Certificate three summary Module one
Flux balance analysis formulation usually starts with an objective function.
Objective function – Is a function that is maximized or minimized to identify optimal solutions.
Constraints – means to place limits on the allowable values the solutions can take.
Mathematical formulation of the objective functions
This illustrates the formation of the objective function using a simple mathematical model given as:
The coefficient on the ATP flux is positive since it is being maximized.
The growth function
This shows the requirements for making 1 g (one gram) of E. coli. It means that for the (E. coli) cell to grow, all the components must be provided in the right amount. Thus, a balance set of metabolic demands make up the growth objective function.
The shadow prices (S.P) – The shadow prices are the derivatives of the biomass objective function at the boundary with respect to an exchange flux. It is represented as:
The shadow prices can be used to determine whether a cell is limited by a particular constraint. S.P has proven to be useful in interpreting optimum solutions, and also in metabolic decision making.
Reduced costs - The reduced costs can be defined as the amount by which the objective function will be reduced if the corresponding enzyme is forced to carry a flux. The reduced costs can be used to analyze the presence of alternate equivalent flux distributions.
Robustness analysis – The sensitivity of the optimal properties of a network can be assessed by changing the network parameters over a given range of values, and repeatedly computing the optimal state. Both environmental and genetic parameters can be considered.
Phase plane analysis – In order for the objective function to remain constant, an increase in one exchange flux will be accompanied by a decrease in another. The parameter α is the slope of a line in the phenotypic phase plane along which the value of the objective function is constant. This line is called an isocline. This isocline defines four regions (also called phases) in the phenotypic phase plane. These regions are:
Single substrate limitation region (α = 0 or ∞)
Dual substrate limitation (α < 0)
Futile region (α >0)
Infeasible region (no flux balance)
Randomized sampling – The effect of imposing constraints can be studied using randomized sampling methods. This technique can be used to characterize flux solution space, concentration space, etc. It can also be used to understand network capabilities, disease states, etc.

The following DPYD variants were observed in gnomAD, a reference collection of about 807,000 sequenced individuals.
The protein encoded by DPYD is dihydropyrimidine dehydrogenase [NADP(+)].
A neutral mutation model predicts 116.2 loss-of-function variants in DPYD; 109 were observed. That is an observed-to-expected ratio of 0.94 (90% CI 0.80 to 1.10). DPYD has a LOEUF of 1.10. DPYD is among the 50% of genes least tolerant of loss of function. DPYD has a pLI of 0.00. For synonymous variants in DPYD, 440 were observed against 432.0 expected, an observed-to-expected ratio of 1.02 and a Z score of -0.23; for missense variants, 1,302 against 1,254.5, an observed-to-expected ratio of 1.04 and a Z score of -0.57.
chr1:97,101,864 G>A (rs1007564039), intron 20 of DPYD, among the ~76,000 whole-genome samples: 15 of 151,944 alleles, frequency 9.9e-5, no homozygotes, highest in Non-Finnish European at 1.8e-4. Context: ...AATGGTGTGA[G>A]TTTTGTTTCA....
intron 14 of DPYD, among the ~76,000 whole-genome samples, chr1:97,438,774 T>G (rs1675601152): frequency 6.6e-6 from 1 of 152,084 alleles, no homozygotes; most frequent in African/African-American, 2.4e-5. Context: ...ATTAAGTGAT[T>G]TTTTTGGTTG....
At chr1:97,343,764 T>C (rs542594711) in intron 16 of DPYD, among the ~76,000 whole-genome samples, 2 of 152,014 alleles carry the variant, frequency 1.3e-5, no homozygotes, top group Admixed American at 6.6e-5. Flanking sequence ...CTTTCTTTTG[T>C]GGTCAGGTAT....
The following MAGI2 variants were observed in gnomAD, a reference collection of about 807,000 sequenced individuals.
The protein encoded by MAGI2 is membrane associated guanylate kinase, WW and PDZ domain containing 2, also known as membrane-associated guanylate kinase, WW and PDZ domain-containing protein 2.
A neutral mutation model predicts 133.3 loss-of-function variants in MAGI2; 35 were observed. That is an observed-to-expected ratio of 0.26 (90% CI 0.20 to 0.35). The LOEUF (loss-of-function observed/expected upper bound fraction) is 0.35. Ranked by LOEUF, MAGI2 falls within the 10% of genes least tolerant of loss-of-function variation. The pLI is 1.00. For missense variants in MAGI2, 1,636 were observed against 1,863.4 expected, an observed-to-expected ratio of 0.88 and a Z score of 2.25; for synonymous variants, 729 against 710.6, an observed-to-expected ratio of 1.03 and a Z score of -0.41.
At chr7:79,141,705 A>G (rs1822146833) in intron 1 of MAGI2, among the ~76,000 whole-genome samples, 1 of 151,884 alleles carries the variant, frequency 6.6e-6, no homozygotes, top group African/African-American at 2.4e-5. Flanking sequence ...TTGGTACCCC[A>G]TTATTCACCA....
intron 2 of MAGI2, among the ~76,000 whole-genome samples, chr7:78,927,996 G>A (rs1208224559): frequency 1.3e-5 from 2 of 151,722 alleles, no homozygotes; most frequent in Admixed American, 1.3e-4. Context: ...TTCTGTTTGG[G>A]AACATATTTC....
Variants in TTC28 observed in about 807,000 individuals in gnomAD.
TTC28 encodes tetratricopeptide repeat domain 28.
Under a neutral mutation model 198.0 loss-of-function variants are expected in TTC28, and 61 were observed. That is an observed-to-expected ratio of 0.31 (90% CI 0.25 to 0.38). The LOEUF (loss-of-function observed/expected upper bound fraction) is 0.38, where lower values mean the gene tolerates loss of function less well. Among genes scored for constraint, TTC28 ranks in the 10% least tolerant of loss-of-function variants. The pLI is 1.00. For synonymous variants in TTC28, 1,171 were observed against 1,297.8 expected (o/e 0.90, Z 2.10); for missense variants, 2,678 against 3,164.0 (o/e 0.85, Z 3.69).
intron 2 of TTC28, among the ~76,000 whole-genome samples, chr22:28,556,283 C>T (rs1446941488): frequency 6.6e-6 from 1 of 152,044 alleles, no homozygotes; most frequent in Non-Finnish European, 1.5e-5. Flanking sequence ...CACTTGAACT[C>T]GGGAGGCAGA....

Computational design of mutant strains – involves techniques such as optknock, optstrain, and optforce used for new strain development.
Optknock – Find gene deletions needed such that maximizing the biomass is coupled with maximizing the cellular (bioengineering objective). This can be applied for strain design such as that of lactate production, succinate, alanine, aspartate, etc.
Optstrain – This technique involves four steps for designing mutant strains. The steps are as follows:
1. Curate KEGG database to find balance reactions.
2. Identify reactions for databases with highest production yields for product.
3. Identify fewest number of reactions needed from database.
4. Run optknock to find reaction deletions which couple growth and production rates.
The linear basis for null space
The null space contains all steady state flux solution; that is, it contains all the balanced uses of the network. Thus, all the steady-state flux distributions, Vss are found in the null space. The null space has a dimension of n-r.
Convex basis for null space – extreme pathways involves convex analysis.
1. Involves the study of linear equations and inequalities
2. It is used to study metabolic networks
The linear equations are derived from the mass balances (S.V =0) and the inequalities are generated from thermodynamic information on the reversibility of reaction (V >0).
From linear algebra null space is defined which contains all of the solutions to the set of linear homogenous equations.
Biochemically, meaningful steady state flux solutions can be represented by a nonnegative linear combination of convex basis vectors as illustrated with the image below:
Extreme pathways can capture the phenotypic potential of metabolic reaction networks.
Types of extreme pathways
Type I – Primary metabolic pathway
Type II – Futile cycles
Type III – Internal loops
Elementary modes and extreme pathways
Elementary modes – A set of non-decomposable enzymes that characterize the convex solution core.
Extreme pathways - A minimal and unique set of pathways that define the edges of the convex solution.
Convex solution - A mathematically defined space of all steady-state flux distributions of a metabolic network.
Exchange flux - A reaction that crosses the system boundary.
The steps in the 13C MFA formulation include:
1. Feed cells with stable isotopes.
2. Incorporate isotope-labelled atoms into metabolite structure.
3. Quantify the relative abundance of the isotopes via GC/MS.
4. Predict flux distributions from network connectivity and atom mapping info.
5. Perform the steady-state mass balance of each isotopomer.
Log in to save your progress and obtain a certificate in Alison’s free Metabolic Flux Analysis and Application online course
Sign up to save your progress and obtain a certificate in Alison’s free Metabolic Flux Analysis and Application online course
Please enter you email address and we will mail you a link to reset your password.